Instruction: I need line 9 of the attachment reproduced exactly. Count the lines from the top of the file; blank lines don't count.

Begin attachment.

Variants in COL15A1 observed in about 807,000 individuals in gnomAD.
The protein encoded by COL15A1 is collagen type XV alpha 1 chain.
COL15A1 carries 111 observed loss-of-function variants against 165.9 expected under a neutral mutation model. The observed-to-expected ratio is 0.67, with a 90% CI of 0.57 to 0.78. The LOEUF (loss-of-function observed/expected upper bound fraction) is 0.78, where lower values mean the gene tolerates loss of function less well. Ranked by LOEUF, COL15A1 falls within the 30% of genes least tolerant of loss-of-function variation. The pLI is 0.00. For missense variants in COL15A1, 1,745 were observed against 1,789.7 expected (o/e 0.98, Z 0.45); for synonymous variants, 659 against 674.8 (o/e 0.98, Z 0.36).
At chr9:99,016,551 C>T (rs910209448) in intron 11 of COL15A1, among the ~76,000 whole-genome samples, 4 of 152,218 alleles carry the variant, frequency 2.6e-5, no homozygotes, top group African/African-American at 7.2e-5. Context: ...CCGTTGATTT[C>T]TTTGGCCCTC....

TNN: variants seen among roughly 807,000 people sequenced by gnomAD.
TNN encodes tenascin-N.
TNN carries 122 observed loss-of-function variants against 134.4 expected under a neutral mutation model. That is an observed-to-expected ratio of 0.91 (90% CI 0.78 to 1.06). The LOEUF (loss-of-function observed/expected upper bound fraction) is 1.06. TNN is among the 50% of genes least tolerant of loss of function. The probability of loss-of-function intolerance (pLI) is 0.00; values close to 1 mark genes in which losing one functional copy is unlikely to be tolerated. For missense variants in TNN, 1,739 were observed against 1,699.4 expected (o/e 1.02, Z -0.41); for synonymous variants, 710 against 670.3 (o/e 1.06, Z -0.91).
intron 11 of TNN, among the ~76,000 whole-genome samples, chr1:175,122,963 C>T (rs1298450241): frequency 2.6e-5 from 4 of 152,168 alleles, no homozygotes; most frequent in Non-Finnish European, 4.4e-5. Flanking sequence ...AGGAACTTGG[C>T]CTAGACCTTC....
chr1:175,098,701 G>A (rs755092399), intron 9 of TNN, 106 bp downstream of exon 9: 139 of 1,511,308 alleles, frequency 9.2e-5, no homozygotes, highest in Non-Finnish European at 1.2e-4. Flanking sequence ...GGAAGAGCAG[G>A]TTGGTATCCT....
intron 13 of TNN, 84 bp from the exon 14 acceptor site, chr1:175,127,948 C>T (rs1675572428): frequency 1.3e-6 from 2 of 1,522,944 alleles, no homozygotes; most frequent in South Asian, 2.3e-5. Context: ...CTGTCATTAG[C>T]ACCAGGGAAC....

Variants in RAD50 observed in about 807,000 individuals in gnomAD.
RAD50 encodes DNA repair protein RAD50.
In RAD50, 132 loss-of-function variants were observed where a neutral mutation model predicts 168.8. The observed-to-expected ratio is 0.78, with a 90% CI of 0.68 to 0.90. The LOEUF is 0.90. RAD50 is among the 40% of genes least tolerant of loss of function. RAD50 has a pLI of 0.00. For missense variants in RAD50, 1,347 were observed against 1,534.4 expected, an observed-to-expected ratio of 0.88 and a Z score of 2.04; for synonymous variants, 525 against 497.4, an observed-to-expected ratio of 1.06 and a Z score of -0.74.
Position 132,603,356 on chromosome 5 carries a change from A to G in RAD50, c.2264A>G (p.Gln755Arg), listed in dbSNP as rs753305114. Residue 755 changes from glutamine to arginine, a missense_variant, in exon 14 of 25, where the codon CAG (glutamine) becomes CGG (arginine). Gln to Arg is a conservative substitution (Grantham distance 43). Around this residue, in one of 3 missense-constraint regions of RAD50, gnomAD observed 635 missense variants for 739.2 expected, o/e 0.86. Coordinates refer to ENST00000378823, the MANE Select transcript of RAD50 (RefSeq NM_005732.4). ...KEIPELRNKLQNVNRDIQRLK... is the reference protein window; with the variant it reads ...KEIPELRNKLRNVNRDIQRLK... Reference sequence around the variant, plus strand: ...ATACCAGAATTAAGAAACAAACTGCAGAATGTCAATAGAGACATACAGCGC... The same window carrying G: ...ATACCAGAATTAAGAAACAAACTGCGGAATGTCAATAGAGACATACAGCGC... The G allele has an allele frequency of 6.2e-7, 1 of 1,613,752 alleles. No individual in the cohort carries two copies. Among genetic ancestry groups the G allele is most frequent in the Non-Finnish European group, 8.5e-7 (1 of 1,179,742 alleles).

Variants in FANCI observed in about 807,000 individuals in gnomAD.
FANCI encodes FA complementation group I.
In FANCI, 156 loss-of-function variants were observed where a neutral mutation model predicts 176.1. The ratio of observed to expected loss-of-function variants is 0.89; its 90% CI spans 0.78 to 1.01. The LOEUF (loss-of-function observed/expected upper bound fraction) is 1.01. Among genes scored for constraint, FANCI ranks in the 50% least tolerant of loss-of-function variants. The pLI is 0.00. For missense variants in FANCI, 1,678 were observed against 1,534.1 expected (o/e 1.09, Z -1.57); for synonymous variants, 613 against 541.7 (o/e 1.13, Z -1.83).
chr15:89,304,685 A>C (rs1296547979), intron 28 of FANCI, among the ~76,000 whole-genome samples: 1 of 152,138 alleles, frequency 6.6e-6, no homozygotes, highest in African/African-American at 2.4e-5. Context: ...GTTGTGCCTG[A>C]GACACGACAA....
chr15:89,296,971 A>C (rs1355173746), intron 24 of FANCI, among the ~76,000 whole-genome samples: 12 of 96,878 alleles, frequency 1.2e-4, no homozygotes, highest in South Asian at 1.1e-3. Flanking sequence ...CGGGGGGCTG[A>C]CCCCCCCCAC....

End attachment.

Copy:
chr1:175,098,701 G>A (rs755092399), intron 9 of TNN, 106 bp downstream of exon 9: 139 of 1,511,308 alleles, frequency 9.2e-5, no homozygotes, highest in Non-Finnish European at 1.2e-4. Flanking sequence ...GGAAGAGCAG[G>A]TTGGTATCCT....